Editor’s Note: This review was written directly following the “Watermill Quintet” performance at the Guggenheim Museum in March 2011. It has been reprinted here in its original form.
Learned contextual expectations are everything, which is why I was so intrigued this spring when I received an email about the Guggenheim’s “Works & Process” program through a dance performance listserv. Billed as “a performing-arts series that informs artistic creation through stimulating conversation and performance,” the series purports to integrate the performing and visual arts on an institutional level. Modern and contemporary museums have expanded their jurisdictions, yet in general the performing arts and visual arts worlds still stand as two distinct monoliths. Despite the collapsing of partitions within each realm—between dance, theater, opera, music, etc. in one, and sculpture, painting, installation, performance, etc. in the other—and our confidence in our own open-minded interdisciplinary thinking, the boundaries of each remain fairly impermeable. Continue reading “Watermill Quintet: Uncovering Disciplinary Boundaries”
If I draw a dot on one sheet of paper
I am a doodler.
If a draw a dot on one hundred sheets of paper
I am a philosopher.
If a draw a dot on one thousand sheets of paper
I am a mystic.
If I draw a dot on ten thousand sheets of paper
I am a modern conceptual artist and may become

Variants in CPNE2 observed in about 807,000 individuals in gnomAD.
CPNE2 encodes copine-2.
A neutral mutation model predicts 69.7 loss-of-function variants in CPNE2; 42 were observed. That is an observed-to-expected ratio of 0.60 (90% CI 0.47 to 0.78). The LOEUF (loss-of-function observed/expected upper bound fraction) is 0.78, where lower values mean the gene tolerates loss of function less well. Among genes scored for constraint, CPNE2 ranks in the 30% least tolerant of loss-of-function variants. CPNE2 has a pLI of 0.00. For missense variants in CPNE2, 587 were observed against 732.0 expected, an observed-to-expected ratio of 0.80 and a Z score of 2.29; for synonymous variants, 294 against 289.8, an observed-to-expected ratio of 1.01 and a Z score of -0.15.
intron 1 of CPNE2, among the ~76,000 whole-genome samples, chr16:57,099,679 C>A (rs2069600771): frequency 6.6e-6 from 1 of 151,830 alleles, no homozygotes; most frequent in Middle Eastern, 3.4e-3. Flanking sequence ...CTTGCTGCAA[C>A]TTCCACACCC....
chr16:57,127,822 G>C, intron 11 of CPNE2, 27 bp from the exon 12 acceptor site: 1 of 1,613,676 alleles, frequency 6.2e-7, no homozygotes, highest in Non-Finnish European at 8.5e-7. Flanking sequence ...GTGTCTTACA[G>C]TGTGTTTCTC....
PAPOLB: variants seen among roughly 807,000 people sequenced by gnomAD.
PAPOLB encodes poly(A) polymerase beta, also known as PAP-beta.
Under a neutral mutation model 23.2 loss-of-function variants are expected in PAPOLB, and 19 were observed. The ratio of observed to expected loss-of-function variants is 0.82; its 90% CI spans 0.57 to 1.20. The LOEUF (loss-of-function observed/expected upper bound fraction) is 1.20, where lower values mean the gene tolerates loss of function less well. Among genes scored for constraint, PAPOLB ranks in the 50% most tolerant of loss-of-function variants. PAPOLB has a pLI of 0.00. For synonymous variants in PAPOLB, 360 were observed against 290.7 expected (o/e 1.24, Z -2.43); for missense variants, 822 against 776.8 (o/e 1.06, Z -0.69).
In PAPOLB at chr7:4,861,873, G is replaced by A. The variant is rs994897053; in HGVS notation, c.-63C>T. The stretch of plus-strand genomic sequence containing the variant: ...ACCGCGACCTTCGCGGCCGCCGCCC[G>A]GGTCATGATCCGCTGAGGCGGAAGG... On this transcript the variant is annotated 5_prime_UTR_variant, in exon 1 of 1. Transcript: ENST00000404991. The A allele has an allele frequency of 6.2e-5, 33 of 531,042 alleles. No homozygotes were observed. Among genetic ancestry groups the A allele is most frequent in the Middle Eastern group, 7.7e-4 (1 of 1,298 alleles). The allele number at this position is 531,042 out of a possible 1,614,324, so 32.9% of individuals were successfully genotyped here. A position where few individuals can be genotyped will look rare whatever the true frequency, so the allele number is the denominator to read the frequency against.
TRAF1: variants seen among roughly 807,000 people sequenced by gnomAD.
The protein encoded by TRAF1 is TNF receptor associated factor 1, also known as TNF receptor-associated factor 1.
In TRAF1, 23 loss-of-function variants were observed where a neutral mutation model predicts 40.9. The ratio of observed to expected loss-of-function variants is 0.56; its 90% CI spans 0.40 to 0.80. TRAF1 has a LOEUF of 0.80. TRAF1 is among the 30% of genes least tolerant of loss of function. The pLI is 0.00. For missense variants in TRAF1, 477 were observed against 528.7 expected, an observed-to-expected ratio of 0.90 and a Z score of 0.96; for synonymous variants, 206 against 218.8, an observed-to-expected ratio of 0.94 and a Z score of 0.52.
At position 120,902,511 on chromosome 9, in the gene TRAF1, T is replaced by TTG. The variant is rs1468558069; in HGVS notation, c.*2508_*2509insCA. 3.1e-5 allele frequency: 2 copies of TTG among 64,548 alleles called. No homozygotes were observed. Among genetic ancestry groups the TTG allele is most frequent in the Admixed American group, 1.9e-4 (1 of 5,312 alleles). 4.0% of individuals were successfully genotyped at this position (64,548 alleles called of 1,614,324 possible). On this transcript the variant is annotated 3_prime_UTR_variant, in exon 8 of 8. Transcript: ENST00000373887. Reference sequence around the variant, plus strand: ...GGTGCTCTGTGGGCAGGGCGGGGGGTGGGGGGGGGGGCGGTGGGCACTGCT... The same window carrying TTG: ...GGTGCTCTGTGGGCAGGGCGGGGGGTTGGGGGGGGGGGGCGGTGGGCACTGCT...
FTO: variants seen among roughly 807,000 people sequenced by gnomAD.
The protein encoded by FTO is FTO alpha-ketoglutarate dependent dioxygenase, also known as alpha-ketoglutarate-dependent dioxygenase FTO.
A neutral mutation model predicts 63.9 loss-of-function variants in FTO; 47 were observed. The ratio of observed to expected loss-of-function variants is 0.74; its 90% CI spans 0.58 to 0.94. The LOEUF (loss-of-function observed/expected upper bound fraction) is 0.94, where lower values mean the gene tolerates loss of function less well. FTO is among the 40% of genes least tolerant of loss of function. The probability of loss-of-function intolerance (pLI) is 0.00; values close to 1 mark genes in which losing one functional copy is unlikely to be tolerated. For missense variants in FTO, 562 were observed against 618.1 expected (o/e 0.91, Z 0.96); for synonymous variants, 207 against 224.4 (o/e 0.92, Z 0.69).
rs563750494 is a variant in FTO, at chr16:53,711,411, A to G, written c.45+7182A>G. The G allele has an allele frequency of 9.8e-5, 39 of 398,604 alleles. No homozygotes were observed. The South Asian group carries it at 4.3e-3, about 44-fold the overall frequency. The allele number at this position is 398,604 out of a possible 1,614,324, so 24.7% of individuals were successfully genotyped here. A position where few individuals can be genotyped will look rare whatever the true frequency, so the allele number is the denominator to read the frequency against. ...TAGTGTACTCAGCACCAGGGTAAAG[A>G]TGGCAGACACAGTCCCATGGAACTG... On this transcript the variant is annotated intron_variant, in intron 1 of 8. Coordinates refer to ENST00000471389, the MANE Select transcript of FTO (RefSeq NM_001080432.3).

rich and famous.
Social values are a matter of accumulation.
Part statement and part poetry, these words provide an apt introduction to both the artist and exhibition on view. Witty, wry, and with a hint of self-deprecation (Camnitzer IS a modern conceptual artist, after all), the piece introduces the viewer to the type of insightful reflection that is characteristic of the artist, whose work often confronts issues related to politics, the art world, and society at large, through oblique, yet cutting critique. Further, written in pencil and only faintly hovering against the gallery’s white wall, the work requires close inspection, thus presaging the type of intimate looking (and thinking) required of visitors throughout the show. Continue reading “Luis Camnitzer at El Museo del Barrio”
The collage works of Esteban Vicente, the only Spanish-born member of New York’s Abstract Expressionists, take center stage at a current exhibition at NYU’s Grey Art Gallery and were the focus of an accompanying talk by Daniel Haxall held last week at the Institute of Fine Arts. Teaching at NYU and the New York Studio School, among other colleges and universities, and renting a studio on East Tenth Street, Vicente was a major player in the downtown art scene. On view at the Grey through March 26, Concrete Improvisations: Collages and Sculpture by Esteban Vicente literally and physically reinserts Vicente’s works into this scene. Curated by Lynn Gumpert, Edward J. Sullivan, and Ana Martínez de Aguilar, the exhibition and its programming are bringing deserved recognition to an influential artist. The curatorial team reintroduces Vicente to New York audiences through his collages and small-scale sculptures, and takes great care to communicate Vicente’s involvement in the development of Abstract Expressionism.